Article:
Vaccinating children will protect them against post-infectious conditions such as multisystem inflammatory syndrome; reduce risk of infection in adults
Vaccinating children against the novel coronavirus disease (COVID-19) assumes significance in the wake of the vaccine trials that have recently kicked off. The idea gets supplemented by the fact that vaccinating kids has both direct and indirect benefits.
Vaccinating children will protect them against post-infectious conditions such as multisystem inflammatory syndrome (MIS-C), a condition associated with symptoms ranging from severe abdominal pain to organ damage.
It is argued that chances of infection in children can be reduced if they practise social distancing, wear masks and avoid gatherings; but their parents and older adults could still be at risk. Vaccinating them will reduce the risk of their caretakers getting infected.
The number of cases in children is lower than those in the adult population; but it needs to be understood that in the past, the diseases for which vaccine were recommended saw fewer deaths in children — until they became widely used. This was seen in the case of hepatitis A, varicella, rubella and rotavirus in the past.
Children in India get vaccinated under the immunisation program introduced in 1978 as Expanded Program of Immunization (EPI). This programme was subsequently renamed Universal Immunization programme (UPI) and became part of the Child Survival and Safe Motherhood Programme in 1992.
Children are immunised under UPI for diphtheria, pertussis, tetanus, polio, measles, tuberculosis and hepatitis B, haemophilus and diarrhoea. Since 1997, immunisation activities have been an integral component of National Reproductive and Child Health Programme and one of the key areas under National Rural Health Mission (NRHM) since 2005.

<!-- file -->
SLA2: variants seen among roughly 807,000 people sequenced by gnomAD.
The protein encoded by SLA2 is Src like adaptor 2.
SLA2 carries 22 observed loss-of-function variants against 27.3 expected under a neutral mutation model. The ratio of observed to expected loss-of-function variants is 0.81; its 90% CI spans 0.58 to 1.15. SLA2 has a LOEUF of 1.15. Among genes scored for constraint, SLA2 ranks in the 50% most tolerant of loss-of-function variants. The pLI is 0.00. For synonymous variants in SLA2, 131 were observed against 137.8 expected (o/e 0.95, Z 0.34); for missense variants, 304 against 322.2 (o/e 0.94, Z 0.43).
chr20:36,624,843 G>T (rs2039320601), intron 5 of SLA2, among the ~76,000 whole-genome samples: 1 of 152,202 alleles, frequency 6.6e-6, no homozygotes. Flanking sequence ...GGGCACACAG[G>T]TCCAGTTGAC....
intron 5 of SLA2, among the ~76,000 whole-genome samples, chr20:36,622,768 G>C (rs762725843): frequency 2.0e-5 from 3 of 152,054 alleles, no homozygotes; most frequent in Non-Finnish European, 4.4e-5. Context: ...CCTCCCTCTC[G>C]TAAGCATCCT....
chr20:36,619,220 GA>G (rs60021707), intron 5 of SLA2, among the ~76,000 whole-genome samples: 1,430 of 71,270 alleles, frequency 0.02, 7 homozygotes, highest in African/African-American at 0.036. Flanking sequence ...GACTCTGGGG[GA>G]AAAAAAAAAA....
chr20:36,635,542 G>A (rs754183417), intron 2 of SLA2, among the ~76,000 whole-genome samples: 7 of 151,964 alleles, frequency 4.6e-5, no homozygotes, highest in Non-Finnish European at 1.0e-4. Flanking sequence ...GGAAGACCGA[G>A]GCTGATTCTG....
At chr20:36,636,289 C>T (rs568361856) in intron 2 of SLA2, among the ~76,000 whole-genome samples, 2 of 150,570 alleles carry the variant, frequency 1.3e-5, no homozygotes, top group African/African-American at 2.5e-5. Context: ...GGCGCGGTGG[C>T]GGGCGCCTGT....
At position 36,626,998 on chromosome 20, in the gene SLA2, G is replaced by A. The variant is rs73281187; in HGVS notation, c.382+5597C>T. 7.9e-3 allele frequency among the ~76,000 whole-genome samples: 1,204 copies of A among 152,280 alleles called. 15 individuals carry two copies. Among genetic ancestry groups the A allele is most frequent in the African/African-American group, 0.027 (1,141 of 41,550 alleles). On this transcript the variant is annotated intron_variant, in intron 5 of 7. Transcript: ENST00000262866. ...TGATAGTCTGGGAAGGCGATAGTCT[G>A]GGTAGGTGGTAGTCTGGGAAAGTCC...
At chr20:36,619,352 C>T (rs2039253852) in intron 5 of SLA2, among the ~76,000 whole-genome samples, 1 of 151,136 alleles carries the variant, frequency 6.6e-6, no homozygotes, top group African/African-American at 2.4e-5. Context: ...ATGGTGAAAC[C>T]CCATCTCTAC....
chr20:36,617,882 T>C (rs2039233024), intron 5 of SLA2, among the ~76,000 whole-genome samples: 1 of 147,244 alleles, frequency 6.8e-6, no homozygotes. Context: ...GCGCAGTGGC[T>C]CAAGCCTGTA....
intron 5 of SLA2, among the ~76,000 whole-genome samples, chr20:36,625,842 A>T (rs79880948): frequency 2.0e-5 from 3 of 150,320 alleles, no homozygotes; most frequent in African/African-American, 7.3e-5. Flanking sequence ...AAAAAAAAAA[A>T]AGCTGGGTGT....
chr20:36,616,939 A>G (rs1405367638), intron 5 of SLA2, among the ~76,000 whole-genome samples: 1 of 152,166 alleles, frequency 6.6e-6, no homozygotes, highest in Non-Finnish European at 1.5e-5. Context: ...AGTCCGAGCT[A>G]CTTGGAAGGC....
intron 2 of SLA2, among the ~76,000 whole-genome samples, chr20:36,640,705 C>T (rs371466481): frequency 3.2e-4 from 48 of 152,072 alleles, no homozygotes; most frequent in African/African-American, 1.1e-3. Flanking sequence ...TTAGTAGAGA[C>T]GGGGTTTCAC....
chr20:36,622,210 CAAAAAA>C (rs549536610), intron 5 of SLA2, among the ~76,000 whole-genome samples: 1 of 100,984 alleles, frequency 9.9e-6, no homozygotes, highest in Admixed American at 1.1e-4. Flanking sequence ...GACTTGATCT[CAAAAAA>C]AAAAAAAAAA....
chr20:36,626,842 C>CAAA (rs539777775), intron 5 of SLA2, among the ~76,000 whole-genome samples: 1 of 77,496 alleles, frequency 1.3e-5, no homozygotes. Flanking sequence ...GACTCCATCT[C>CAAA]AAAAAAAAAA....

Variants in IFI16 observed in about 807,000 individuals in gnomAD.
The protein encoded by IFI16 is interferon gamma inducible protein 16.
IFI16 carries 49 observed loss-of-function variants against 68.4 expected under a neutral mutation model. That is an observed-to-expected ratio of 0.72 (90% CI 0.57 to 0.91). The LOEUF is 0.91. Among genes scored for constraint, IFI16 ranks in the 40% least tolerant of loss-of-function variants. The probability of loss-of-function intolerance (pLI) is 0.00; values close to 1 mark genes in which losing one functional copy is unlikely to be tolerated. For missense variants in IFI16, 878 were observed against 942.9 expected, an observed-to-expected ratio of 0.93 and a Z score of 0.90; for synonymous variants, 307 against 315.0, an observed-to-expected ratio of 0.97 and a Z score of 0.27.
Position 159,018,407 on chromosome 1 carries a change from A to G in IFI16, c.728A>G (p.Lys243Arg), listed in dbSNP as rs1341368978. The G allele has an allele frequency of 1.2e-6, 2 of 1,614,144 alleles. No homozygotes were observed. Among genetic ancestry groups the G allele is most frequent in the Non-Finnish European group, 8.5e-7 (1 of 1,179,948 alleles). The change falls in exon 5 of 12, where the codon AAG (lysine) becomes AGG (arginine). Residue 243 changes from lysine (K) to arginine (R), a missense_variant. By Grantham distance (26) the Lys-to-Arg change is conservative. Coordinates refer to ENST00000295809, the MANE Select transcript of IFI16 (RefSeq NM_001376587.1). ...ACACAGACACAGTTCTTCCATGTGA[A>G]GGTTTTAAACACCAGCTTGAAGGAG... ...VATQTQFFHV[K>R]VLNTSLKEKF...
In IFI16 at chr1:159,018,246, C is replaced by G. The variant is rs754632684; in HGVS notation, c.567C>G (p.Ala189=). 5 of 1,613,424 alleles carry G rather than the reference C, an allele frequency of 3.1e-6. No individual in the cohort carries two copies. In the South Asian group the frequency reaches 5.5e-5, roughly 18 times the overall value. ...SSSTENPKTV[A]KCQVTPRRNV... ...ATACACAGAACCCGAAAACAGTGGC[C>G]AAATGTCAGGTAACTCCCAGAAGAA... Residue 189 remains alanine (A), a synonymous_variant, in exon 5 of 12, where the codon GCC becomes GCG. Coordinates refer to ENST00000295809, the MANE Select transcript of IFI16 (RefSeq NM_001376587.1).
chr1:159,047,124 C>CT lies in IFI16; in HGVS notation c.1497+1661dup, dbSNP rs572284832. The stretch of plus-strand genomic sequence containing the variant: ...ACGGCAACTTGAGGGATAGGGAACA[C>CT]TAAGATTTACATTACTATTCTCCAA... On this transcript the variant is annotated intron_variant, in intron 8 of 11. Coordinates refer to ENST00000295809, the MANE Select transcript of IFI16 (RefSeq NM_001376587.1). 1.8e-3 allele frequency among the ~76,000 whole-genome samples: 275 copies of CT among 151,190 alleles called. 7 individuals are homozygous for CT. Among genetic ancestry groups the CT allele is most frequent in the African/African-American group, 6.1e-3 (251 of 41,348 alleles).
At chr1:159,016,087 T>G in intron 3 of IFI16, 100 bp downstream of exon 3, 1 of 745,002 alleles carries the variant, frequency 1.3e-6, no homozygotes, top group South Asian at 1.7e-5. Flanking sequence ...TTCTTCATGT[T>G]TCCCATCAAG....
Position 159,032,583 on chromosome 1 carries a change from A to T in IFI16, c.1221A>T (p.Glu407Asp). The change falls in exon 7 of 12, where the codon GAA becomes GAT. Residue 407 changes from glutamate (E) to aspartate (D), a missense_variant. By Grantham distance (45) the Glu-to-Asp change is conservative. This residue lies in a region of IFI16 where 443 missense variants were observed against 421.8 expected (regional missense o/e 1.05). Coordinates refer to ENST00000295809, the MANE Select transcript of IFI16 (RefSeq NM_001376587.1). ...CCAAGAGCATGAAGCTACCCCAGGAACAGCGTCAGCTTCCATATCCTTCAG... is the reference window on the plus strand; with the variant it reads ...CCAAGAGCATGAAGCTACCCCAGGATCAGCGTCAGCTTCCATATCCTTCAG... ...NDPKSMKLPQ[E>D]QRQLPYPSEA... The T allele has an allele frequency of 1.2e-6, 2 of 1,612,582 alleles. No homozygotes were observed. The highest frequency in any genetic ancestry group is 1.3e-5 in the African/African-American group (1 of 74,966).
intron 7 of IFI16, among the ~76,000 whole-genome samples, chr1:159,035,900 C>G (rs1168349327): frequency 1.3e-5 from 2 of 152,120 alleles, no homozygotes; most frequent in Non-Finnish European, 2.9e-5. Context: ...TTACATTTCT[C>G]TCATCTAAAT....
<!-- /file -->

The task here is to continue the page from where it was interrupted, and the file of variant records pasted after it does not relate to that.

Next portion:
Vaccinating minors for COVID-19 too soon, however, also runs the risk of exposing them to possible health hazards. The medical and scientific fraternity need to take into account the process of enrolling minors in vaccine trials for COVID-19.
The root of the issue is acquiring consent from their parents or legal guardian; inspiration can be drawn from the measles vaccination campaigns, specifically with the parents’ decisions by ensuring trust through education campaigns and vaccination mandates to advance public health goals.
Trials should start with adolescents and older children to ensure safety; younger children aged between 0 and 12 years should be left out for now. Multiple studies suggest that older adolescents have a capacity to understand clinical trials.
To minimise risks, enrolment should begin with a small number of older and healthy adolescents. Consequently, if no safety concerns are identified in this subgroup, the trial should proceed to include a larger group of older adolescents and finally, younger children.
Adopting an approach of age de-escalating trials will help minimise risks and evaluate immune responses that will help reduce the general anxieties surrounding the possible devastating effects of the third wave.
There is a bigger merit in considering vaccination for children by referring to other countries — including the United States, Singapore, Japan, Dubai and Europe — which have allowed children aged above 12 to get vaccinated through the doses supplied by Pfizer-Bion Tech, Moderna and Sino pharm.
In India, too, various vaccine firms have started similar experiments.
Views expressed are the author’s own and don’t necessarily reflect those of Down To Earth
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